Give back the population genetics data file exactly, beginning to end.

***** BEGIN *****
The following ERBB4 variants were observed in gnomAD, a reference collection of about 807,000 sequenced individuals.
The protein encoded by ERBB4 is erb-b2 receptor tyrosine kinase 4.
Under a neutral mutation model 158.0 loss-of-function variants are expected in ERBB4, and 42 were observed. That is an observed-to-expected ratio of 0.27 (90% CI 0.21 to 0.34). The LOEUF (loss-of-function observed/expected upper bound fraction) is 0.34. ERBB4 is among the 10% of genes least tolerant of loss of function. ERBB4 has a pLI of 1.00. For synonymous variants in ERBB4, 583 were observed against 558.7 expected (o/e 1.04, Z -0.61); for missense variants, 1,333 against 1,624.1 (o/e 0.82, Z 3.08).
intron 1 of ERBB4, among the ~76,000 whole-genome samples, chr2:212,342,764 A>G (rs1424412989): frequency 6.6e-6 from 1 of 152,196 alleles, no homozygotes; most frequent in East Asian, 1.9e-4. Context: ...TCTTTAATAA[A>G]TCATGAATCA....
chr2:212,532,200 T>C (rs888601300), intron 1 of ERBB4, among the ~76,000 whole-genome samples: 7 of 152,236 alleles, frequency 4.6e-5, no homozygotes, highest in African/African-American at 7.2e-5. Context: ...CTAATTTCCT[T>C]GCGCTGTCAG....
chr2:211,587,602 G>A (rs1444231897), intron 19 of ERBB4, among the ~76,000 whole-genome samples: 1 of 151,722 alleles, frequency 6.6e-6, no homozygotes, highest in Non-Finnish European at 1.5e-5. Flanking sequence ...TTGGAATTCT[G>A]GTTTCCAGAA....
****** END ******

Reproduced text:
The following ERBB4 variants were observed in gnomAD, a reference collection of about 807,000 sequenced individuals.
The protein encoded by ERBB4 is erb-b2 receptor tyrosine kinase 4.
Under a neutral mutation model 158.0 loss-of-function variants are expected in ERBB4, and 42 were observed. That is an observed-to-expected ratio of 0.27 (90% CI 0.21 to 0.34). The LOEUF (loss-of-function observed/expected upper bound fraction) is 0.34. ERBB4 is among the 10% of genes least tolerant of loss of function. ERBB4 has a pLI of 1.00. For synonymous variants in ERBB4, 583 were observed against 558.7 expected (o/e 1.04, Z -0.61); for missense variants, 1,333 against 1,624.1 (o/e 0.82, Z 3.08).
intron 1 of ERBB4, among the ~76,000 whole-genome samples, chr2:212,342,764 A>G (rs1424412989): frequency 6.6e-6 from 1 of 152,196 alleles, no homozygotes; most frequent in East Asian, 1.9e-4. Context: ...TCTTTAATAA[A>G]TCATGAATCA....
chr2:212,532,200 T>C (rs888601300), intron 1 of ERBB4, among the ~76,000 whole-genome samples: 7 of 152,236 alleles, frequency 4.6e-5, no homozygotes, highest in African/African-American at 7.2e-5. Context: ...CTAATTTCCT[T>C]GCGCTGTCAG....
chr2:211,587,602 G>A (rs1444231897), intron 19 of ERBB4, among the ~76,000 whole-genome samples: 1 of 151,722 alleles, frequency 6.6e-6, no homozygotes, highest in Non-Finnish European at 1.5e-5. Flanking sequence ...TTGGAATTCT[G>A]GTTTCCAGAA....